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Compositional equivalences based on open pNets

  • Ameur-Boulifa, Rabea
  • Henrio, Ludovic
  • Madelaine, Eric
Publication Date
Jan 08, 2021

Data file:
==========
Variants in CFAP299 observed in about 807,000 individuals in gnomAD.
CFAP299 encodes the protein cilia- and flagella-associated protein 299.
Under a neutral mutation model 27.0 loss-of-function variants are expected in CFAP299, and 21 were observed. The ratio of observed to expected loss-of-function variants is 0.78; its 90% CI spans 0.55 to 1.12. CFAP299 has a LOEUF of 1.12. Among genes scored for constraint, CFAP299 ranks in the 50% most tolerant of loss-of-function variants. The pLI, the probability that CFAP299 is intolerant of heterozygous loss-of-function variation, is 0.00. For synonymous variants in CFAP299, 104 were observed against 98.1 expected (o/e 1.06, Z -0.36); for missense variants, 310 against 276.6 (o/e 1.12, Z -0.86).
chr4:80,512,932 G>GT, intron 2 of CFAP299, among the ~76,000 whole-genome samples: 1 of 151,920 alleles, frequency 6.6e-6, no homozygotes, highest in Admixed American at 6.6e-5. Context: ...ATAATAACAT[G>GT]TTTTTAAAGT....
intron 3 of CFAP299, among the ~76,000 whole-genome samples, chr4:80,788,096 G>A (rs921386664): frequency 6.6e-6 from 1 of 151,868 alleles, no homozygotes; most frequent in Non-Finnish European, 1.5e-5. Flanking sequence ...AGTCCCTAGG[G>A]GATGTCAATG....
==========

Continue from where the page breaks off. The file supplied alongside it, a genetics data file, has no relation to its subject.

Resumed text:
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Establishing equivalences between programs or system is crucial both for verifying correctness of programs, by establishing that two implementations are equivalent, and for justifying optimisations and program transformations, by establishing that a modified program is equivalent to the source one. There exist several equivalence relations for programs, and bisimulations are among the most versatile of these equivalences. Among bisimulation relations one distinguishes strong bisimulation, that requires that each action of a program is simulated by a single action of the equivalent program, a weak bisimulation that is a coarser relations, allowing some of the actions to be invisible or internal moves, and thus not simulated by the equivalent program. pNets is a generalisation of automata that includes parameters, and hierarchical composition. Open pNets are pNets with holes, i.e. placeholders inside the hierarchical structure that can be filled by subsystems. Reasoning on open pNets allows us to reason on open systems. Open pNets have a notion of synchronised actions generalizing the usual internal actions (e.g. τ of CCS, or i in Lotos). This article defines bisimulation relations for the comparison of systems specified as pNets. We first define a strong bisimulation for open pNets. In practice, as happens in process algebras, strong bisimulation is too strong, and we need to define some coarser relations, taking into account invisible or internal moves. We then define an equivalence relation similar to the classical weak bisimulation, and study its properties. Among these properties we are interested in compositionality: If two systems are proven equivalent they will be undistinguishable by their context, and they will also be undistinguishable when their holes are filled with equivalent systems. The article is illustrated with a transport protocol running example; it shows the characteristics of our formalism and our bisimulation relations.

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